PEP 236: Back to the __future__

Tim Peters tim.one at home.com
Tue Feb 27 19:14:30 CET 2001


[posted & mailed]

[PEP 236]
>     From time to time, Python makes an incompatible change to the
>     advertised semantics of core language constructs, or changes their
>     accidental (implementation-dependent) behavior in some way.

[Konrad Hinsen]
> I am not at all happy with this approach. Incompatible changes should
> not happen "from time to time", but as rarely as possible and then all
> at the same time.

The PEP doesn't address either the frequency or nature of incompatible
changes, it's defining a mechanism to help people deal with incompatible
changes *when* they occur.

> I much preferred the "Py3K" project which was to include all the
> improvements that had to be held back due to compatibility concern.

Incompatible changes have been made with virtually every Python release since
before 1.0.  The changes are *usually* so minor and affect so little code
that few people notice them in practice (for example, how many people were
burned by introducing "lambda" as a new keyword?  IIRC, none -- but that was
an incompatible change!).  Still, Python has more users all the time, and a
mechanism to ease transitioning to even minor changes has value in proportion
to the megalines of code out there.

As to P3K, there's no funding for a rewrite from scratch.  So, barring a
miracle, Python evolves incrementally, and it wouldn't remain Python unless
it does so in ways that keep the language clean.

> Like many Python users, I have a huge base of installed code, lots of
> it written by myself, but the majority written by others. Everything
> works fine together, and I am happy and productive.

And you've managed to do that despite a decade of incompatible language
changes already.  Why *assume* the future is going to be so much worse than
the past?  Perhaps because it hasn't happened yet <wink>?

> Now comes Python 2.1 with nested scopes. I don't expect much of my own
> code to break, but I can't be sure,

It won't break in 2.1, but you'll get warnings about fishy cases in 2.1, and
the __future__ stmt will let you know for sure and change such code at your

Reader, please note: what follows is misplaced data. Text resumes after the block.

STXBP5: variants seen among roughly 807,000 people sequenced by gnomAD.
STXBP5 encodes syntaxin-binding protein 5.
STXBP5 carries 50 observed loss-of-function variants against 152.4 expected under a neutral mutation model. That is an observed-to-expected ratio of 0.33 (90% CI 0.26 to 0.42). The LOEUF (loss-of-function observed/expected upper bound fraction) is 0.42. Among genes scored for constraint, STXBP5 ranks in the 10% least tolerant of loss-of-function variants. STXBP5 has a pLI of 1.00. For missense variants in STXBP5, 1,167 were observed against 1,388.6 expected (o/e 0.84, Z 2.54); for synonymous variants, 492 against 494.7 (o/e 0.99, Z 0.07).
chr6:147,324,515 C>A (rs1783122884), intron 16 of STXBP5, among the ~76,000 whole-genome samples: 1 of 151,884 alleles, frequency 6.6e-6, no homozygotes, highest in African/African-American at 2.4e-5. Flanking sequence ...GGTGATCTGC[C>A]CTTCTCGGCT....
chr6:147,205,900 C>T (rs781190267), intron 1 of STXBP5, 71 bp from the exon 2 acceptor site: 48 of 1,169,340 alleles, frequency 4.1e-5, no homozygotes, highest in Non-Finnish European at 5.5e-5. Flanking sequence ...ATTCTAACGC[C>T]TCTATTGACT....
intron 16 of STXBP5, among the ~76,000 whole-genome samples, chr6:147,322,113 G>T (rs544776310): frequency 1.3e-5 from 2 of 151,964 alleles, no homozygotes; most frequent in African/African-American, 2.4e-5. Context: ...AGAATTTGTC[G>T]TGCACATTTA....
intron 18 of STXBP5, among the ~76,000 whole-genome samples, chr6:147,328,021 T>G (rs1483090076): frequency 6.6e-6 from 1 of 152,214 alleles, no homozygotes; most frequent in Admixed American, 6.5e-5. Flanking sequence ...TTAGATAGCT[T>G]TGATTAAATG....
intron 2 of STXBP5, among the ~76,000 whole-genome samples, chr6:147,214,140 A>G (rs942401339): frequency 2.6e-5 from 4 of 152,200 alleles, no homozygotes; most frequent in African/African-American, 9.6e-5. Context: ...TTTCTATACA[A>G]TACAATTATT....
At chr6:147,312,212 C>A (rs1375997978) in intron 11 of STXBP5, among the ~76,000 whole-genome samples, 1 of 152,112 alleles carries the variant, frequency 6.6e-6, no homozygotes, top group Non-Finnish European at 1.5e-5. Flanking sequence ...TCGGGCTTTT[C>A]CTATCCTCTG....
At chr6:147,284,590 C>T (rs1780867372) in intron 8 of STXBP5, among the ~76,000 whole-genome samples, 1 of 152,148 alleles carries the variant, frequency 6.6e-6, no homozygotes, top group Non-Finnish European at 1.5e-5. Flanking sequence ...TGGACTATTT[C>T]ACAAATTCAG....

convenience.

> I certainly didn't write it with a possible change of scoping rules in
> mind.

Note that most of the few cases of nested-scope breakage *known* so far
actually had nothing to do with nested scopes at heart:  they had to do with
code violating the Lang Ref's prohibition against using "import *" at other
than module scope.  Such code was always undefined.  Jeremy is bending
backwards 167 degrees to make that code still work in the same way it worked
by accident (and in violation of the language spec) whenever possible.

> So perhaps I'll have to modify it a bit, that shouldn't be much work.

The purpose of PEP 236 is to make that easier for you than it would have been
otherwise.

> But then there's all the code from others that might also break, and
> that I don't want to fix at all. And since some of my code will depend
> on code from others, I won't fix my own code either and stick to
> Python 1.5 instead. Which in turn forces others who depend on my code
> to do the same. Sure, sooner or later everybody will want to use the
> new features of Python 2.1. But by then Python 2.1 will have been
> replaced by 2.2, with its own set of incompatible changes.

This would carry more weight if it described a new phenomenon -- but you got
to 1.5.2 via a long series of incompatible-in-small-ways releases before
1.5.2.  It's just business as usual.  Perhaps you jumped on the train at
1.5.2?  Many did, and they've enjoyed the illusion of 100% stability simply
because no update (not even sorely needed bugfix patches) to 1.5.2 was
released for about 18 months.  But 1.5.2 was an historical anomaly, not the
norm.

Still, if you're happy with 1.5.2, stay with it!  You won't be forced to
upgrade.  Perhaps if enough people get burned by "Guido intends to break two
lines of code pointed out in a warning message!" <0.9 wink>, some entity will
arise to keep 1.5.2 alive forever.

> If, on the other hand, incompatible changes occur only every five
> years or so, then people will be inclined to install two Python
> distributions in parallel and update their code over a period of a few
> months.

PEP 236 aims to let them update their code, incrementally (one module at a
time), over a period of about half a year, and without needing to install two
Python distributions in parallel.  We're trying to make staying current
easier.

> Moral: incompatible changes should happen on a time scale compatible
> with uncoordinated collective code development, which is years, not
> months.

As the PEP said, it's aimed at people who intend to keep current.  I believe
it will be a real help for them.  As the PEP also says, people who don't want
to keep current have harder problems, which the PEP doesn't even pretend to
address.

BTW, the only way to avoid all incompatible changes is to avoid fixing bugs
too:  over the years, and regardless of language, I've had much more of my
code break due to accidentally relying on buggy or undefined behavior than
due to deliberate changes in correctly implemented defined behavior.

the-only-reliable-stability-is-death-ly y'rs  - tim





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